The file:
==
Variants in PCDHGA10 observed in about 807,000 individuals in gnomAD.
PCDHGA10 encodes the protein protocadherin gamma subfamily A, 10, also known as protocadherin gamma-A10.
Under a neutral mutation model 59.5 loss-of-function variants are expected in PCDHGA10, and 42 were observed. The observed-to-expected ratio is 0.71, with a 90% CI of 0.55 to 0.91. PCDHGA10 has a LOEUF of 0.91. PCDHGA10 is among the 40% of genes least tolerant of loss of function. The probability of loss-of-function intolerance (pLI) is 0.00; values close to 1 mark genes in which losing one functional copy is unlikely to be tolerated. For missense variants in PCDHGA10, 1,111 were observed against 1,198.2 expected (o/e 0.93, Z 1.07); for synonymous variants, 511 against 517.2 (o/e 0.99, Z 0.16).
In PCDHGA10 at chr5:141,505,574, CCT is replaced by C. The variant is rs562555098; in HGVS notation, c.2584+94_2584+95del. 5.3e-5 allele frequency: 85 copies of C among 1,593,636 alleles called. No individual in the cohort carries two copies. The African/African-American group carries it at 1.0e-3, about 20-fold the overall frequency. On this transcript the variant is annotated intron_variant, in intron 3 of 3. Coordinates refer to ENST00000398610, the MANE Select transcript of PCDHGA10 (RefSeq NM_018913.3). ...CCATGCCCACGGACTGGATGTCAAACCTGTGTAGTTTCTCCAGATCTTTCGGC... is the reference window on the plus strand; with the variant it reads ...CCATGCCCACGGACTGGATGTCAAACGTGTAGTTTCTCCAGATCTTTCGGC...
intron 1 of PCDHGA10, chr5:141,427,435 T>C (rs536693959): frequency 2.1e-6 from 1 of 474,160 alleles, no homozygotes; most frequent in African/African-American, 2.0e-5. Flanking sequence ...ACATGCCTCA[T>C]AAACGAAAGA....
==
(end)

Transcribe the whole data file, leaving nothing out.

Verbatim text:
Variants in PCDHGA10 observed in about 807,000 individuals in gnomAD.
PCDHGA10 encodes the protein protocadherin gamma subfamily A, 10, also known as protocadherin gamma-A10.
Under a neutral mutation model 59.5 loss-of-function variants are expected in PCDHGA10, and 42 were observed. The observed-to-expected ratio is 0.71, with a 90% CI of 0.55 to 0.91. PCDHGA10 has a LOEUF of 0.91. PCDHGA10 is among the 40% of genes least tolerant of loss of function. The probability of loss-of-function intolerance (pLI) is 0.00; values close to 1 mark genes in which losing one functional copy is unlikely to be tolerated. For missense variants in PCDHGA10, 1,111 were observed against 1,198.2 expected (o/e 0.93, Z 1.07); for synonymous variants, 511 against 517.2 (o/e 0.99, Z 0.16).
In PCDHGA10 at chr5:141,505,574, CCT is replaced by C. The variant is rs562555098; in HGVS notation, c.2584+94_2584+95del. 5.3e-5 allele frequency: 85 copies of C among 1,593,636 alleles called. No individual in the cohort carries two copies. The African/African-American group carries it at 1.0e-3, about 20-fold the overall frequency. On this transcript the variant is annotated intron_variant, in intron 3 of 3. Coordinates refer to ENST00000398610, the MANE Select transcript of PCDHGA10 (RefSeq NM_018913.3). ...CCATGCCCACGGACTGGATGTCAAACCTGTGTAGTTTCTCCAGATCTTTCGGC... is the reference window on the plus strand; with the variant it reads ...CCATGCCCACGGACTGGATGTCAAACGTGTAGTTTCTCCAGATCTTTCGGC...
intron 1 of PCDHGA10, chr5:141,427,435 T>C (rs536693959): frequency 2.1e-6 from 1 of 474,160 alleles, no homozygotes; most frequent in African/African-American, 2.0e-5. Flanking sequence ...ACATGCCTCA[T>C]AAACGAAAGA....